3. Use the templates as starting points to see how further tweaking the emails affect open and response rates.

Simply take the templates and make them your own.

6. Objection Management Template


Once your sales reps have gained enough experience, they should be able to handle objections in their sleep. However, you can help them reach that stage faster with the objection management template.

The idea behind the template is simple. If your sales team regularly encounters and loses deals to certain objections, plan out the best responses beforehand.

Rather than stressing out over what to say to and reaching a dead end with prospects, your sales team will be able to confidently keep the conversation going. And close more deals, of course.

7. Meeting Calculator


You’re a manager so you need to have meetings often, right? Meetings with your sales team to discuss their progress, meetings with your boss to review quarterly goals, as well as meetings with the marketing and engineering team to discuss new software features.

Not so fast. While meetings can be great for making big decisions or conflict resolution, meetings come with hidden costs. Meetings disrupt your day and leave you with less time for the important work that will make a strong impact on your career, your teammates and your company.

According to one study, 47 percent of employees think meetings are the biggest waste of time in their business, and 39 percent admit to dozing off during them. Equally scary is how much money meetings waste.

Besides paying for coffee and donuts, you are also paying people to sit in a room for one hour, disengaged and unproductive. This cost can quickly add up to several thousand dollars over the course of a year.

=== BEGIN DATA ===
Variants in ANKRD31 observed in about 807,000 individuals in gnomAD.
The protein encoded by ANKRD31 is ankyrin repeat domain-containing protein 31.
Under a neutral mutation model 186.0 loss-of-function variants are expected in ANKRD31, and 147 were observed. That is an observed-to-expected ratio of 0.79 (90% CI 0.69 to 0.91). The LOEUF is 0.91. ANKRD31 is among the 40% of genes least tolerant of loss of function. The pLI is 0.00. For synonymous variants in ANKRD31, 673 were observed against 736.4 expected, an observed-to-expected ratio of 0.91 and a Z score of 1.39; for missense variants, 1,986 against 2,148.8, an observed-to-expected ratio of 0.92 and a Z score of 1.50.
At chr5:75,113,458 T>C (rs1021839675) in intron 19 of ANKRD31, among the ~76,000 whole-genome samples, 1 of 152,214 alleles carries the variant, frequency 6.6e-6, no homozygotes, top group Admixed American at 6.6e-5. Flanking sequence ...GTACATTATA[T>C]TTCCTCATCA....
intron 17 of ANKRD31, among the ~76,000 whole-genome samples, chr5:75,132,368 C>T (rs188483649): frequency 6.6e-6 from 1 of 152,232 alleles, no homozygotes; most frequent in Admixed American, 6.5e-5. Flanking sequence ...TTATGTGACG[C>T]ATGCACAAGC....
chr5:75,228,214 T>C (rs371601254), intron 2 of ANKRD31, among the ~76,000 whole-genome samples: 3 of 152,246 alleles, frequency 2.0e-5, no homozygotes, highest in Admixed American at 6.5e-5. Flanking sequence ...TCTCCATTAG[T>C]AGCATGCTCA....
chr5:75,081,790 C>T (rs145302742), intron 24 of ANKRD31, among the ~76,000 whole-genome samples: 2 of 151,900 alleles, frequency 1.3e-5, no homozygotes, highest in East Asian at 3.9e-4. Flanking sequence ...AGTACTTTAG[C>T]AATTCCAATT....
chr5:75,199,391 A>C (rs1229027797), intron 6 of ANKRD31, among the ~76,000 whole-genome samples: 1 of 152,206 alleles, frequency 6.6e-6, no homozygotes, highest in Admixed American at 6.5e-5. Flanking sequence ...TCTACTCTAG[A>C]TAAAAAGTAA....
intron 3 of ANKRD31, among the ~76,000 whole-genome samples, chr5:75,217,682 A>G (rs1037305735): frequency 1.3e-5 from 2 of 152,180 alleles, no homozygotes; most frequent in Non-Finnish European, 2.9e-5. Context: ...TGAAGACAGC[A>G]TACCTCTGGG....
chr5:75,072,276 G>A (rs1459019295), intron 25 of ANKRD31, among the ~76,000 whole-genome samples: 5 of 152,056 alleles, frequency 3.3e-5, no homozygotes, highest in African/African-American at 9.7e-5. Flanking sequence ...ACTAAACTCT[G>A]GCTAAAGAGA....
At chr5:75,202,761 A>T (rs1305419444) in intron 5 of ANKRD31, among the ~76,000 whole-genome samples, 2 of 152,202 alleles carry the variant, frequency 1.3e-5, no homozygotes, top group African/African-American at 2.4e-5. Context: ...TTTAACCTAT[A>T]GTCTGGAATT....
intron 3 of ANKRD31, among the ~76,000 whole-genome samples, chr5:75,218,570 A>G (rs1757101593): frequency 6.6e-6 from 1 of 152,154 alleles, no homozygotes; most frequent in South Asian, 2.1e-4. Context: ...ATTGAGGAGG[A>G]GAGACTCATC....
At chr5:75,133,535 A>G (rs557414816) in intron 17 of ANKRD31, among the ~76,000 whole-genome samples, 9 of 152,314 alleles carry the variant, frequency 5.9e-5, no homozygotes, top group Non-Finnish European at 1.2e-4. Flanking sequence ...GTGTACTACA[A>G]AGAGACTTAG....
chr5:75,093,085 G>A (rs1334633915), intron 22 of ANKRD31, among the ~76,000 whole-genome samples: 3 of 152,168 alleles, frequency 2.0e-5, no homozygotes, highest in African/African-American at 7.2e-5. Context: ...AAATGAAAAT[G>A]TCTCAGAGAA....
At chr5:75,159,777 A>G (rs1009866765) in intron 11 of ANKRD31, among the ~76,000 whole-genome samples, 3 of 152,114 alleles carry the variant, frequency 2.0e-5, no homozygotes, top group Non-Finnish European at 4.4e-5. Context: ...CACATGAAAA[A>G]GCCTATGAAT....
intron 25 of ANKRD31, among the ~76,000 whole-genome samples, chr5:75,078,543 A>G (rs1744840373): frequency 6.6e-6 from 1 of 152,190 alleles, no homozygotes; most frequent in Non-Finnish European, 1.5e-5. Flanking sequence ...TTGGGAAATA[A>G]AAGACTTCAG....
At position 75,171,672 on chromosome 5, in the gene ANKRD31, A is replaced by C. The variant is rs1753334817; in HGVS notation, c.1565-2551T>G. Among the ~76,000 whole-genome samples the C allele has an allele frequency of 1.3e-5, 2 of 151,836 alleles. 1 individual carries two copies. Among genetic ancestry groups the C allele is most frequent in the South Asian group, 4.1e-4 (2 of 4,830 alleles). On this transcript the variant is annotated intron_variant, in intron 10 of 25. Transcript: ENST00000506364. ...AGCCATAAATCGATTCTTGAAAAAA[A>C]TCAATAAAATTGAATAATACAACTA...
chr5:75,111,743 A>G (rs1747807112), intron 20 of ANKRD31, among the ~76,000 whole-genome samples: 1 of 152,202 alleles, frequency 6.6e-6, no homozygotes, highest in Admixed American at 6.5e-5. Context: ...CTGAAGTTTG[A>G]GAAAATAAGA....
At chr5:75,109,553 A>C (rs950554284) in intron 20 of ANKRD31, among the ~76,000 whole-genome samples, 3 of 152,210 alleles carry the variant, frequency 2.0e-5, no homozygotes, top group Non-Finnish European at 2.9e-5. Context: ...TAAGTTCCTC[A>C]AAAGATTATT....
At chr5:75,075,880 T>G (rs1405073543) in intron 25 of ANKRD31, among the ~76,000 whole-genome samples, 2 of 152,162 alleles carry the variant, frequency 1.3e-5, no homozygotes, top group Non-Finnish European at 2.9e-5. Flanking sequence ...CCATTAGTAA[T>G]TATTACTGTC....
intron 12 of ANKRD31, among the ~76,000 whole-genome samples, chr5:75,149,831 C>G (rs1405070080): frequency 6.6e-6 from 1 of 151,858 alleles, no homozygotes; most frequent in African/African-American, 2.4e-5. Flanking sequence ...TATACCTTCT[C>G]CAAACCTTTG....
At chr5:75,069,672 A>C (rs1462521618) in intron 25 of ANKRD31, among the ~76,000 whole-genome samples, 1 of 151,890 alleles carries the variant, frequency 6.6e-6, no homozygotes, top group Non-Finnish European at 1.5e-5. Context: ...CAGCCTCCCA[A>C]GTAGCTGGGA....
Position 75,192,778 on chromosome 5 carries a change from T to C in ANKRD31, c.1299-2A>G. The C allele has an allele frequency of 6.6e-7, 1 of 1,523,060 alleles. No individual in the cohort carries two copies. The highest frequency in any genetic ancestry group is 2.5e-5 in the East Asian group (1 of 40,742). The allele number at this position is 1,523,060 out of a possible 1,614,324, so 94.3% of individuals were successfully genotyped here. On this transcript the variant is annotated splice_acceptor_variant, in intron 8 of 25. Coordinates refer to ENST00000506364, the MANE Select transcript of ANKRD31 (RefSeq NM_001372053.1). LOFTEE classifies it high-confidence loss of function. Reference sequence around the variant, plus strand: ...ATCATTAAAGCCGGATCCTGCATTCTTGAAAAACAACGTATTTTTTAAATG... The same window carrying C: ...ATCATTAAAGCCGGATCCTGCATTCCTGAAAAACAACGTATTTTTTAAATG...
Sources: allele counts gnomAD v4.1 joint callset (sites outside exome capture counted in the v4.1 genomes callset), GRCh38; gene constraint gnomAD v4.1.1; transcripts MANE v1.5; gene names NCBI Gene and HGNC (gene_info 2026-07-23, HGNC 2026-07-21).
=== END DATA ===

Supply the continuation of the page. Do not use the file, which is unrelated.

One way to determine the cost of holding is to use the meeting calculator. Simply enter the salaries of the meeting attendants and the length of the meeting. The calculator will tell you the exact cost of the meeting. Suddenly, sending a quick email will look a lot more appealing than spending $200 for a meeting, saving you time and money.

Hey there, sales superstar! Modern sales manager training awaits you in our article.

Treat These Templates as Living Documents

Ready to get create a sales process that gets results and scales?

First, if you haven’t already, make sure you get the 7 templates for sales managers.

Then, with your team, go over these templates and tailor them to your sales process. You should not spend more than an hour on each document. The goal at this stage is to get started, not achieve perfection.

Finally, once a week or month, you and your team should update the templates with everything you have learned.

It's important that you update the templates with your team and do it consistently. Teamwork means that your team will have ownership in, and adopt, the templates. Consistency mean they will keep learning from the templates.